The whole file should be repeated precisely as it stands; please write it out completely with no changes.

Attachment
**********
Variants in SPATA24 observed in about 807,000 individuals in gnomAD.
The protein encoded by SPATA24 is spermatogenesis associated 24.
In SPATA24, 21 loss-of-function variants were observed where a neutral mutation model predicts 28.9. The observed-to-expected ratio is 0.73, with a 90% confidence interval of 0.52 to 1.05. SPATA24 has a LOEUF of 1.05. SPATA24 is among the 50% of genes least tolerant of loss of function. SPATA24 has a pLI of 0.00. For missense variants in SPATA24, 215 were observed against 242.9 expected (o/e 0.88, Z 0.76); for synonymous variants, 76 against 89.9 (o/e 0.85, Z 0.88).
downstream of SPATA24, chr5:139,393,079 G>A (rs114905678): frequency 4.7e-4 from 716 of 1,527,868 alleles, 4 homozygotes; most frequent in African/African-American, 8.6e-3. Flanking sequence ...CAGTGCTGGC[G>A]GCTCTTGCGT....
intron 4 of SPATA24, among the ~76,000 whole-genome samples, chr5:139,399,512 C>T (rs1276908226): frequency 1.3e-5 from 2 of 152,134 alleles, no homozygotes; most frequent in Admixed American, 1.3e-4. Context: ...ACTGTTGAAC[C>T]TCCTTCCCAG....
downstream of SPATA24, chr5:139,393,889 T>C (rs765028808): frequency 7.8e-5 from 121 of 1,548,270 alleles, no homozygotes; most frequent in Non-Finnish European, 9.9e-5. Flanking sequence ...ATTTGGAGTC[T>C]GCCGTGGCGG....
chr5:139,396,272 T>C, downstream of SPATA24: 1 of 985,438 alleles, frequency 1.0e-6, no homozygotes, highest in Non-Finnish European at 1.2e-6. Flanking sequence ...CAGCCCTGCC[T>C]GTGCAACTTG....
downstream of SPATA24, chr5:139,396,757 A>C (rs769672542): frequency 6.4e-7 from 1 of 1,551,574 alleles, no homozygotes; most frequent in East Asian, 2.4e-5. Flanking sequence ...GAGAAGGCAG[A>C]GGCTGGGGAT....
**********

Variants in SPATA24 observed in about 807,000 individuals in gnomAD.
The protein encoded by SPATA24 is spermatogenesis associated 24.
In SPATA24, 21 loss-of-function variants were observed where a neutral mutation model predicts 28.9. The observed-to-expected ratio is 0.73, with a 90% confidence interval of 0.52 to 1.05. SPATA24 has a LOEUF of 1.05. SPATA24 is among the 50% of genes least tolerant of loss of function. SPATA24 has a pLI of 0.00. For missense variants in SPATA24, 215 were observed against 242.9 expected (o/e 0.88, Z 0.76); for synonymous variants, 76 against 89.9 (o/e 0.85, Z 0.88).
downstream of SPATA24, chr5:139,393,079 G>A (rs114905678): frequency 4.7e-4 from 716 of 1,527,868 alleles, 4 homozygotes; most frequent in African/African-American, 8.6e-3. Flanking sequence ...CAGTGCTGGC[G>A]GCTCTTGCGT....
intron 4 of SPATA24, among the ~76,000 whole-genome samples, chr5:139,399,512 C>T (rs1276908226): frequency 1.3e-5 from 2 of 152,134 alleles, no homozygotes; most frequent in Admixed American, 1.3e-4. Context: ...ACTGTTGAAC[C>T]TCCTTCCCAG....
downstream of SPATA24, chr5:139,393,889 T>C (rs765028808): frequency 7.8e-5 from 121 of 1,548,270 alleles, no homozygotes; most frequent in Non-Finnish European, 9.9e-5. Flanking sequence ...ATTTGGAGTC[T>C]GCCGTGGCGG....
chr5:139,396,272 T>C, downstream of SPATA24: 1 of 985,438 alleles, frequency 1.0e-6, no homozygotes, highest in Non-Finnish European at 1.2e-6. Flanking sequence ...CAGCCCTGCC[T>C]GTGCAACTTG....
downstream of SPATA24, chr5:139,396,757 A>C (rs769672542): frequency 6.4e-7 from 1 of 1,551,574 alleles, no homozygotes; most frequent in East Asian, 2.4e-5. Flanking sequence ...GAGAAGGCAG[A>C]GGCTGGGGAT....